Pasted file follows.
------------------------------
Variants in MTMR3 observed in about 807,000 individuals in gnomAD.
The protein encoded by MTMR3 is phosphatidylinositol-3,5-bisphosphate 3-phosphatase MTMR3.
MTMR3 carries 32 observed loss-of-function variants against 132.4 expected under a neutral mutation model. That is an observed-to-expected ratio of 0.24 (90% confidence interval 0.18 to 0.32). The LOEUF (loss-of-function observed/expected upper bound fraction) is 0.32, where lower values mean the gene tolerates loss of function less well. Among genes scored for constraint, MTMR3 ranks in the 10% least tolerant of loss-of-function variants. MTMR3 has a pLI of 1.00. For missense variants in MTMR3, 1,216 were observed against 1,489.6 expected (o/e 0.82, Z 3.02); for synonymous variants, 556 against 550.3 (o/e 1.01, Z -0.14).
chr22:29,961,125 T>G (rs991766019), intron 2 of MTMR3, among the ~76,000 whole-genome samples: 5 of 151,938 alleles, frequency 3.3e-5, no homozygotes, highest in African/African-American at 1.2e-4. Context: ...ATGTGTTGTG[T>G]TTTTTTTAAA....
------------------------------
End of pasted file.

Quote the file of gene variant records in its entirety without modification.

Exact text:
Variants in MTMR3 observed in about 807,000 individuals in gnomAD.
The protein encoded by MTMR3 is phosphatidylinositol-3,5-bisphosphate 3-phosphatase MTMR3.
MTMR3 carries 32 observed loss-of-function variants against 132.4 expected under a neutral mutation model. That is an observed-to-expected ratio of 0.24 (90% confidence interval 0.18 to 0.32). The LOEUF (loss-of-function observed/expected upper bound fraction) is 0.32, where lower values mean the gene tolerates loss of function less well. Among genes scored for constraint, MTMR3 ranks in the 10% least tolerant of loss-of-function variants. MTMR3 has a pLI of 1.00. For missense variants in MTMR3, 1,216 were observed against 1,489.6 expected (o/e 0.82, Z 3.02); for synonymous variants, 556 against 550.3 (o/e 1.01, Z -0.14).
chr22:29,961,125 T>G (rs991766019), intron 2 of MTMR3, among the ~76,000 whole-genome samples: 5 of 151,938 alleles, frequency 3.3e-5, no homozygotes, highest in African/African-American at 1.2e-4. Context: ...ATGTGTTGTG[T>G]TTTTTTTAAA....